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Got a Question About the History of Portland? Just Ask Judy

Judy S
Judy Schroeder

It would be difficult to find someone with more knowledge of Portland’s history and culture than Judy Schroeder.

Schroeder, who works as senior manager of neighborhood engagement for the Metro United Way is a member of One West Louisville, a group that envisions an economic renaissance in the West End. She’s the fifth generation in her family to live in Portland.

“Portland’s history is Irish, German, and French, but we’ve always had an African-American population,” she says. “It’s always been one of the most integrated neighborhoods in the history of Louisville, but not always happily.”

Schroeder recalls times when residents of the Russell and Portland neighborhoods shared some of the same challenges, just as is true today.

“Portland was the white population of the West End that stayed put when there was huge white flight form the West End in the ’40s, ’50s and ’60s,” she says. “We’ve struggled with poverty, underemployment, unemployment, broken families, and currently drug abuse that’s really wrecking families.”

Today, as part of her work with One West Louisville, she’s helping change the area’s reputation. Chief among the issues is safety.

“My Portland mom moved out to marry a Germantown guy, but then we moved back,” she says. “That’s one of the real advantages of the West End, that there a lot of extended families, a lot of people who have been here long enough that we know what’s safe and what’s not safe. People put their shoulder to the wheel to keep things safe.”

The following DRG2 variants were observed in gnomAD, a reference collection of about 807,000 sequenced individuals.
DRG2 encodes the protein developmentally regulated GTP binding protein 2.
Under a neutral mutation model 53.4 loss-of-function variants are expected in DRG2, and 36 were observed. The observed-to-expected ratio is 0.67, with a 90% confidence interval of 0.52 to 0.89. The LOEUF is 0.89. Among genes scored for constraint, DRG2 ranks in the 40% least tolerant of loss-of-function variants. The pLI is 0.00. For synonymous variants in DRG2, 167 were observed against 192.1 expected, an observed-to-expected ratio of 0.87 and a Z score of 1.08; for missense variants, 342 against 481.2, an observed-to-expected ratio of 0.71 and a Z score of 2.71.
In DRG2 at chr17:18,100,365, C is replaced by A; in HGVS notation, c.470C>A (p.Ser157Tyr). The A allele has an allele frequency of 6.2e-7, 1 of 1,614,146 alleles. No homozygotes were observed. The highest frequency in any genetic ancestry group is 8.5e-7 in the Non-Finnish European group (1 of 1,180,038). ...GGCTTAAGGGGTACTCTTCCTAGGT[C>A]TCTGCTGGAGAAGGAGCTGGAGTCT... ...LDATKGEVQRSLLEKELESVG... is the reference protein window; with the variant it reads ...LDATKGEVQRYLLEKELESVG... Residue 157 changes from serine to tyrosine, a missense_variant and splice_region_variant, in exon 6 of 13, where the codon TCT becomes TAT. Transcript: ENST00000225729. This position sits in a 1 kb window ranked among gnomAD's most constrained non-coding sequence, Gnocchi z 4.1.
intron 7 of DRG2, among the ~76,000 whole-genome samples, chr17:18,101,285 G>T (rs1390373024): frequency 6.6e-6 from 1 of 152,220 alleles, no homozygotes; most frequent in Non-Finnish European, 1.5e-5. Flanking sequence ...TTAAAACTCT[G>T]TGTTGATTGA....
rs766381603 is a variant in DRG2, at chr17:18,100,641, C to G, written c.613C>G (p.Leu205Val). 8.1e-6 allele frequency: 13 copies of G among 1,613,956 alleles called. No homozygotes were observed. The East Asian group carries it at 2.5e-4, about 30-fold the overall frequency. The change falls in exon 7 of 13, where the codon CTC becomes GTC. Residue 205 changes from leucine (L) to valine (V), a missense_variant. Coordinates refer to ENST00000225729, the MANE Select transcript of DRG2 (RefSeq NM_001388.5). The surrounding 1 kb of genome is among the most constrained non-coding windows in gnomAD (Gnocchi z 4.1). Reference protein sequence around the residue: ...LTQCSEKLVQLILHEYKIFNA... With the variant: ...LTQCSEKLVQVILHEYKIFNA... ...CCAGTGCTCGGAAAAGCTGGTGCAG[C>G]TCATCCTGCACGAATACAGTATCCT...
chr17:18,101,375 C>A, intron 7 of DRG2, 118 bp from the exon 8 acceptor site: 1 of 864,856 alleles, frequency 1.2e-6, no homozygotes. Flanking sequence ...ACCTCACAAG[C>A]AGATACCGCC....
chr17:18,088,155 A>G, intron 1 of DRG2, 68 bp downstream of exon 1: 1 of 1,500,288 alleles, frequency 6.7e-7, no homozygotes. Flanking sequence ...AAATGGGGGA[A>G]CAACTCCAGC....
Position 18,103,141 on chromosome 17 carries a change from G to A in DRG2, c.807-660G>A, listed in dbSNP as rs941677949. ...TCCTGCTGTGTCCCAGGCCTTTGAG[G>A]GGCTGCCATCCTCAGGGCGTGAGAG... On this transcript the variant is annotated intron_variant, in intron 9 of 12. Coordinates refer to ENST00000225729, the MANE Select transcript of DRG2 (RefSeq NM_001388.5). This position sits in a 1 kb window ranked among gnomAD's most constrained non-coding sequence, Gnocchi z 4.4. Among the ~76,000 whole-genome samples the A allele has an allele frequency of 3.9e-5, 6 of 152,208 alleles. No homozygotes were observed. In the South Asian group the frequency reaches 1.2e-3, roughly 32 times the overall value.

Schroeder believes one thing that’s often overlooked is the importance of family life in Portland and throughout the West End.

“There’s a strong backbone of families in the West End who care about their neighborhoods. That’s the people who really build the community,” she says. “I don’t think people see enough of the good people that do live in the West End.”

Still, she adds, the reality is that most residents are too busy to see the big picture.

“What we’ve got are people struggling every day to keep a job that pays enough to feed their kids, give their kids what kids need, possibly send them later to college,” she says.

But she thinks the economic renaissance that One West Louisville supports is starting to happen, with the addition of projects like the Passport Health Plan headquarters and the YMCA, among others.

“We have the vision,” she says. “There are a lot of neighborhood plans. It starts with family — security, employment, health and education for your kids are really crucial. Physically, the outcome of that should be that there’s enough money for people to live well and it’s visible.”

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